Building Your AR Lower Receiver

So, you finally bought a stripped lower receiver and all the goodies that go along with it.

You excitedly tore open the box and checked to make sure we shipped you all the parts you needed to put together your first AR lower. You glare at the pile of parts and think to yourself, “Now what?”

Last year, we produced a series on how to put together the complete AR-15 lower receiver. As most of you know, the lower receiver houses the magazine catch, bolt catch, pivot pin, fire control group, trigger guard, selector, grips, pins and buffer tube.

We still field a ton of questions about how to put these parts together, so we thought a rehash was in order.

Installing these parts is fairly simple, and most people can do it without too many issues. However—when working on any firearm—if at anytime you feel you aren’t sure about what you are doing, take it to a qualified gunsmith.

Step 1: Installing the Magazine Catch

Step 2: Installing the Bolt Catch

Step 3: Installing the Pivot Pin

Step 4: Installing the Fire Control Group

Step 5: Installing the Trigger Guard

Step 6: Installing the Selector and Pistol Grip

Step 7: Installing the Takedown Pin and Buffer Tube

Stay Tuned!

Hopefully, this clears up some of the confusion. Once you do this a few times, most of the steps will become second nature. Stay tuned for more posts on AR builds. We’re going to pull some parts from the warehouse so we can throw together some uppers and barrels to see what we can come up with!

The Mission of Cheaper Than Dirt!'s blog, The Shooter's Log, is to provide information—not opinions—to our customers and the shooting community. We want you, our readers, to be able to make informed decisions. The information provided here does not represent the views of Cheaper Than Dirt!

Comments (47)

  1. When are you going to follow up with the barrel, gas tube, and hard sights installation videos to complete the build?

  2. Great videos. I noticed there was no mention of lubrication of the pins as I have seen other places. Necessary?

    1. Yes a drop of lube is appropriate. During the build its the best time to get protection into and on the small springs and detents. I can’t say your AR will get wet. I known mine get soaked, in the process of doing my work.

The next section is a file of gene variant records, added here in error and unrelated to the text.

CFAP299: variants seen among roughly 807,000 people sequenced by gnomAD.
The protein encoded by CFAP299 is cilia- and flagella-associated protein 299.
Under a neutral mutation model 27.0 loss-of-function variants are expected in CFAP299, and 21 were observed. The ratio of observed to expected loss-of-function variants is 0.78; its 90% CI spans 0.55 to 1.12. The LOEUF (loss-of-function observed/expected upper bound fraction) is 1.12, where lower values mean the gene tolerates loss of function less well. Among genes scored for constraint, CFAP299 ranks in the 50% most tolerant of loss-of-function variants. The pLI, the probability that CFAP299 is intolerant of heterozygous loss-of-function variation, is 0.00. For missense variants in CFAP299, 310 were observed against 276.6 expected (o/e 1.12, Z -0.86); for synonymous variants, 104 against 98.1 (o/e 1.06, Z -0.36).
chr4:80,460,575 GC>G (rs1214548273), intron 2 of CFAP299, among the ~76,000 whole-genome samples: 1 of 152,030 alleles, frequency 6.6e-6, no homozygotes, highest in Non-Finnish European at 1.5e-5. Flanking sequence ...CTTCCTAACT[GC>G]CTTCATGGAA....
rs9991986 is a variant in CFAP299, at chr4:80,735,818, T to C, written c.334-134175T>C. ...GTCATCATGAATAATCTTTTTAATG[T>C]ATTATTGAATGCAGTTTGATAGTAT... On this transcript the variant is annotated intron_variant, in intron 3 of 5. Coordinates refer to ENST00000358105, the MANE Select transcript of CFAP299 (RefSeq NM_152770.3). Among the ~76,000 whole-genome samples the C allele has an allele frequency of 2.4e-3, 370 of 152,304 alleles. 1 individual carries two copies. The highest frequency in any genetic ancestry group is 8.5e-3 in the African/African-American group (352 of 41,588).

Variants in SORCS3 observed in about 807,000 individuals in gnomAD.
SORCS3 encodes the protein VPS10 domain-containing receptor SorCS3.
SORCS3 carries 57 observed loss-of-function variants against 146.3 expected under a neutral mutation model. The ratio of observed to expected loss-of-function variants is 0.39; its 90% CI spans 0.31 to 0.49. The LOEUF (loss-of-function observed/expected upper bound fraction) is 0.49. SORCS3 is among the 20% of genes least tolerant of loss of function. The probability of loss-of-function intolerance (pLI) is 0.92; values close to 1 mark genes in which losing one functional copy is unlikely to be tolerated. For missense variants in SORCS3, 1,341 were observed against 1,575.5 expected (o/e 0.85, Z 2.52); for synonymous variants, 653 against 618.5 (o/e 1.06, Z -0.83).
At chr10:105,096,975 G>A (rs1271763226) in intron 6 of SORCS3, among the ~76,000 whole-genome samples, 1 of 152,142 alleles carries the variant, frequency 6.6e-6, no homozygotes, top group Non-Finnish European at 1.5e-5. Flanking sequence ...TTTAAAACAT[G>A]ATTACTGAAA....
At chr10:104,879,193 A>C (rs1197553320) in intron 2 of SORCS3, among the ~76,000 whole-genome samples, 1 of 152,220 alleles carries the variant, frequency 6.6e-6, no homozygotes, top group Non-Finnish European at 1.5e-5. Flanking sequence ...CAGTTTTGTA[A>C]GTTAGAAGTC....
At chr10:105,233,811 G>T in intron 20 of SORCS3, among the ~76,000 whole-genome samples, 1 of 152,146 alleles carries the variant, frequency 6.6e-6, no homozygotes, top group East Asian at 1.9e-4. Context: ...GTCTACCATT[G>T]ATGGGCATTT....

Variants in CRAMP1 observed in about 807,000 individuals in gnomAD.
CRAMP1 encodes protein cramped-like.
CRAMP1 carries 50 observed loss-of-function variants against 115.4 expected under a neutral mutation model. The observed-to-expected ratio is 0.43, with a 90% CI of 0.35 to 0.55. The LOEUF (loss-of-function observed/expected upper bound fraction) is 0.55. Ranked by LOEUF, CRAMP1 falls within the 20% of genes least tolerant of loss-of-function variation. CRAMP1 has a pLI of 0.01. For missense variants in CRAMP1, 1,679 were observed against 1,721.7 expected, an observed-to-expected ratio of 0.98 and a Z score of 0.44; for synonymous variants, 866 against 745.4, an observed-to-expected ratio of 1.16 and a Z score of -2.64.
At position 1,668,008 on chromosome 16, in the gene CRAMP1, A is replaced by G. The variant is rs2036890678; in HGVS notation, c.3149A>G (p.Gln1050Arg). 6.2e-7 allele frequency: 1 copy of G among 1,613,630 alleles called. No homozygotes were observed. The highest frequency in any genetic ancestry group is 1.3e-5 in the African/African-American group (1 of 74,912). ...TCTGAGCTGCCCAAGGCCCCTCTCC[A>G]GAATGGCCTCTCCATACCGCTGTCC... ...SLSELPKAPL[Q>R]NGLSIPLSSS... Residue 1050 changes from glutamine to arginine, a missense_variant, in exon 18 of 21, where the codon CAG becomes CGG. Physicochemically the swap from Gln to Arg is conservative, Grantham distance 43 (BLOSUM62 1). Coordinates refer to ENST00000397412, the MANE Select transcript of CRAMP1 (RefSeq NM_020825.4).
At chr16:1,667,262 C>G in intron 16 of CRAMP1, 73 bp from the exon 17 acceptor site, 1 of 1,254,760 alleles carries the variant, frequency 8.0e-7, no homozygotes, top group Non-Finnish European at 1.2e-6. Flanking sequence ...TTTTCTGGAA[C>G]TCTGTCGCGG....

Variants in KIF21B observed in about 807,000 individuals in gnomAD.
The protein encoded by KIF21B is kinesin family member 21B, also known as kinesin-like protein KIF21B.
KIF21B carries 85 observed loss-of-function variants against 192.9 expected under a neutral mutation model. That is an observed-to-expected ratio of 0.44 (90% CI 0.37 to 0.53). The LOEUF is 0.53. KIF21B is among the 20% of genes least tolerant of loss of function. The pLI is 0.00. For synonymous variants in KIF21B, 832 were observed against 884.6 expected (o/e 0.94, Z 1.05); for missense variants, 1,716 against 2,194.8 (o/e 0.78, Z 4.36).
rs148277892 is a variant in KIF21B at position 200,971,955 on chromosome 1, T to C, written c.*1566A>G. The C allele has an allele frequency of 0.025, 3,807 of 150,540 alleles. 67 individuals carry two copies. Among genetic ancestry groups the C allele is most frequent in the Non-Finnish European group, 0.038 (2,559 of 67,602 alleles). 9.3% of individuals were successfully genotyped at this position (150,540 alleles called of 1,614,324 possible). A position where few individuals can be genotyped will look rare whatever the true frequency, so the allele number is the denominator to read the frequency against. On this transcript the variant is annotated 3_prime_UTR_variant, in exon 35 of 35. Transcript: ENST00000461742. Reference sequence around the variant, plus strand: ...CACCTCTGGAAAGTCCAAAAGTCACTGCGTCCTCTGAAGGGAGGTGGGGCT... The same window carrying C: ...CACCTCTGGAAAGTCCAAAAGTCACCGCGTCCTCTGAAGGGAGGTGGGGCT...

3. Step 5, NEEDS to be changed.

    Never, NEVER, hit or try and drive in the trigger guard roll pin into a tab WITHOUT having something [such as the trigger guard itself] or a fitted block BETWEEN both tabs!!! They WILL BREAK OFF!!! If you can’t put the roll pin in place and drive it in by holding EVERYTHING IN PLACE, then place the lower receiver on a hard flat surface, such as a work bench, and put a small hard piece of wood UNDER the lower tab and the adjacent part of the rear lower receiver. NOTE – the lower tab, as the receiver sits on the work bench, should be flat on the piece of wood. If there is space on one side, find a different piece of wood or cut a piece to match the height of space between he work bench and the tab. DO NOT put the wood just under the tab itself. With the lower receiver sitting on the bench with the small block of HARDWOOD in place, AND the trigger guard in place, then, and only then, drive in the trigger guard roll pin.

    Again, NEVER, NEVER, drive in the roll pin without supporting the lower receiver [such as shown in the this video] AND having the trigger guard itself in place. You WILL break off a tab. I’ve seen it done!!!

    1. Excellent advice! That tiny discrepancy aside, this is an outstanding tutorial. After having been trained on the M-14, the first time I was issued an M-16 (AR-15) it seemed very complicated and I was a little intimidated. Wish I had this tutorial back in the day. Very well done.

    2. Very true Marine Gunner, these videos are SUPERB!! I shot an AR15 about 25 yrs ago and then never had the money to go out and just buy one till they came out with receivers and kits. Bought a receiver and a full kit a few years ago [upper was already complete and assembled] and then carefully laid everything else out on the work bench. WHERE to start, I thought!!! LOL!! With no instructions what-so-ever, just started visualizing where everything should go and how it should go together, then dove in!! Rather than driving in the roll pin for the trigger guard, I used a set of channel locks, and with the trigger guard in place, I squeezed the pin in place, AFTER oiling the heck out of it. It went in slicker than sh*t, or maybe I should say “snot on glass”, either way, it was a snap. 🙂 If any of you can get to a gun show, lower receivers are down to about $60 now and full complete kits can be picked up for less than $600, so there isn’t any excuses in not having an AR!! Happy Building!!!

    3. I just bought a Bushmaster AR-15 at the local Dunhams Sporting Goods store for $499. So for the best price I have ever seen on them I am now a member of the club. I put a 3×9 scope on it and laser bore sighted it. I love this gun.

    4. Doing my first AR lower build and finding the videos detailed and easy to follow. All the warnings about the trigger guard pins and broken tabs had me a little scared. As I intend to do several builds, I picked up a pin pusher for the trigger guard install. The pin pushing tool made the guard install fast and worry free.

  4. Really nice job on breaking down the assembly process into sections will have to check and make sure my MOE trigger guard came with that screw. Will be assembling my Lower tonight if my LPK arrives.